Hunt sets out plan to boost economy and cut taxes

Hunt sets out plan to boost economy and cut taxes

Jeremy Hunt has promised a package of measures to boost growth and cut taxes in a highly political autumn statement.

The Chancellor’s speech on Wednesday, delivered with an eye on a general election expected next year, said his plan will “raise business investment, get more people into work, reduce inflation” and increase the size of the economy.

The Office for Budget Responsibility (OBR) has upgraded its growth forecast for gross domestic product – a measure of the size of the economy – this year, but downgraded the figure for subsequent years.

The budget watchdog’s forecast in March was for the economy to shrink by 0.2% in 2023, but that has now been revised up to 0.6%.

But in 2024 growth is forecast to be 0.7% rather than the 1.8% expected at the time of the Budget, 2025 is expected to see 1.4% rather than 2.5% and 2026 could be 1.9% instead of 2.1%.

Growth is then expected to go beyond the previous forecast, with 2% in 2027, slightly above the 1.9% predicted in March, with 1.7% in 2028.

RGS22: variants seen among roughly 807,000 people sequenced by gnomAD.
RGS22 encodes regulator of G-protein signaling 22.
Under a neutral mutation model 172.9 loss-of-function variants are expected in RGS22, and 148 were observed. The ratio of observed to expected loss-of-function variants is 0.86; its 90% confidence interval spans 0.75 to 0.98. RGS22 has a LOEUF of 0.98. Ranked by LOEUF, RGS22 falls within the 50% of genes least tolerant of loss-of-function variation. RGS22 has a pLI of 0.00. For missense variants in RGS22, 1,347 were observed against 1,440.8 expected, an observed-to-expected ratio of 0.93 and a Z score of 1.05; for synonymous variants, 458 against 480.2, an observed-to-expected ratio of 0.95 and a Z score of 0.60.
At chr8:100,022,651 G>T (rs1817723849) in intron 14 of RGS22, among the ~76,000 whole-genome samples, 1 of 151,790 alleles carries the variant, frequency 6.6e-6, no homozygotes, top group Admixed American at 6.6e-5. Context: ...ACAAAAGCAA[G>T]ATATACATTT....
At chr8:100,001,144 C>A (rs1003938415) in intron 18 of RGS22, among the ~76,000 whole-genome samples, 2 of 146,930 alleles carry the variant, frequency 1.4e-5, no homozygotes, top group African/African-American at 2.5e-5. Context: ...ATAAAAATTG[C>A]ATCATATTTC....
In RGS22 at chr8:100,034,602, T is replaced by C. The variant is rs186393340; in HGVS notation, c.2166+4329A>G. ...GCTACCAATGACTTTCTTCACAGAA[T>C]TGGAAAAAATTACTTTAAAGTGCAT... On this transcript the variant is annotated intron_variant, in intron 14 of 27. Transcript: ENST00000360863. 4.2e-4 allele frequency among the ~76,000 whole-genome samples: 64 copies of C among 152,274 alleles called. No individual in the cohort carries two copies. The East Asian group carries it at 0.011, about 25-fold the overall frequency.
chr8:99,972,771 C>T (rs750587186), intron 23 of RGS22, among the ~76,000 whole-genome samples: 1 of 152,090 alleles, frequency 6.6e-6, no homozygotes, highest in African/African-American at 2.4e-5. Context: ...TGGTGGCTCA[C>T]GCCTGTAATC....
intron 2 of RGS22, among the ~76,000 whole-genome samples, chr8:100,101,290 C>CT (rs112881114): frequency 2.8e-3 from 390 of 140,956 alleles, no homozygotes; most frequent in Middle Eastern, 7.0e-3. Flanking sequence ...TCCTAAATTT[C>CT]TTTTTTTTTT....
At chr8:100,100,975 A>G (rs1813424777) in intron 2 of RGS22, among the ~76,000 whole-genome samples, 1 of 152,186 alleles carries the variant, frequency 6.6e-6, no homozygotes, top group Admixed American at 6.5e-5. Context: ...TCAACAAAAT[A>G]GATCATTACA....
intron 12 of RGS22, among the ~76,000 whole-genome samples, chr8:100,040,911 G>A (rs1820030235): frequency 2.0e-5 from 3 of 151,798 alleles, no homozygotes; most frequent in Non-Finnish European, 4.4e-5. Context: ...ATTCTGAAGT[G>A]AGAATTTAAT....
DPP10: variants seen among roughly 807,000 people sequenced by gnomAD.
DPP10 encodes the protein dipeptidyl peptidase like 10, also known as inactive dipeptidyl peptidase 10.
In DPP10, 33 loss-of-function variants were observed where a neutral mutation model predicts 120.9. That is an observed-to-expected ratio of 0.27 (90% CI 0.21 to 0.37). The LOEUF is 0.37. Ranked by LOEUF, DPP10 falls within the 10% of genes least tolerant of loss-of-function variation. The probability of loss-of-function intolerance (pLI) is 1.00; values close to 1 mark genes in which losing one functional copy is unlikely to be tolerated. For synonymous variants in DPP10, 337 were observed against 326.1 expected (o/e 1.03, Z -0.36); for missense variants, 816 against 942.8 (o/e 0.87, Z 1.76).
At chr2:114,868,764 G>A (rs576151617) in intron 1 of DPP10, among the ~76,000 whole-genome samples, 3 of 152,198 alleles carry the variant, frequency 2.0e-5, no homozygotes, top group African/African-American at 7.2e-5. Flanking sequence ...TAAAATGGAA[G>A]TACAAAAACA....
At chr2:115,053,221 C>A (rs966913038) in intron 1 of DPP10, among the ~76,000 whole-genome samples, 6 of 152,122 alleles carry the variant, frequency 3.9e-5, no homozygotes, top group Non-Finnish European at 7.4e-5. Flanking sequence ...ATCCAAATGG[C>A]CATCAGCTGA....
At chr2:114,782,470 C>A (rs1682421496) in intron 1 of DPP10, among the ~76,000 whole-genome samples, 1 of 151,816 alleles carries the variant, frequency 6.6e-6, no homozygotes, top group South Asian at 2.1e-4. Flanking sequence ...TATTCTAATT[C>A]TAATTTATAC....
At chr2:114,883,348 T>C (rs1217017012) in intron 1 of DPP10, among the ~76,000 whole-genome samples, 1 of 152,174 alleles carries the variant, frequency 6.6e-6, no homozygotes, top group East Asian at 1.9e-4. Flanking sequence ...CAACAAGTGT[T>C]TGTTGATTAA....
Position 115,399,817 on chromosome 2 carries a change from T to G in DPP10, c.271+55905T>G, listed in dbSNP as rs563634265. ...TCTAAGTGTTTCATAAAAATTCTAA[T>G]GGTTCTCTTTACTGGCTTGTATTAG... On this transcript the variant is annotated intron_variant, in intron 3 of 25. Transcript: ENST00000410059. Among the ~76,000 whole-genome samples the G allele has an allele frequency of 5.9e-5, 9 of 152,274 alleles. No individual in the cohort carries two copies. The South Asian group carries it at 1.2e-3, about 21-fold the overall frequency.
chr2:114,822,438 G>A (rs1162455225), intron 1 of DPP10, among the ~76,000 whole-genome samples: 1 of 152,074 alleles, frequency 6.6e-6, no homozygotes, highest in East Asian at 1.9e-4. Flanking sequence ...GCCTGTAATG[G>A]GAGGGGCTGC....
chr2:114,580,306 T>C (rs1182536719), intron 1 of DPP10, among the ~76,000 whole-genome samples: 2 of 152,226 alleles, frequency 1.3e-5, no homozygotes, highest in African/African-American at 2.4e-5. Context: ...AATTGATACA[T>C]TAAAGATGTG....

Mr Hunt said universal credit and other benefits will increase by 6.7%, in line with September’s inflation figure, ending speculation the Government could have used the cheaper October figure.

Mr Hunt also confirmed the triple-lock formula for state pension rises would be implemented as usual, meaning the state pension will rise by 8.5% in line with average earnings, worth up to £900 more a year.

He said: “After a global pandemic and energy crisis, we have taken difficult decisions to put our economy back on track.

“We have supported families with rising bills, cut borrowing and halved inflation.

“Rather than a recession, the economy has grown. Rather than falling as predicted, real incomes have risen.

“Our plan for the British economy is working. But the work is not done.”

In other announcements, Mr Hunt:

– Promised £7 million over three years for organisations to tackle antisemitism.

– Said national debt was forecast by the Office for Budget Responsibility to be lower than previously expected in every year of the forecast through to 2028-29.

Published: by Radio NewsHub

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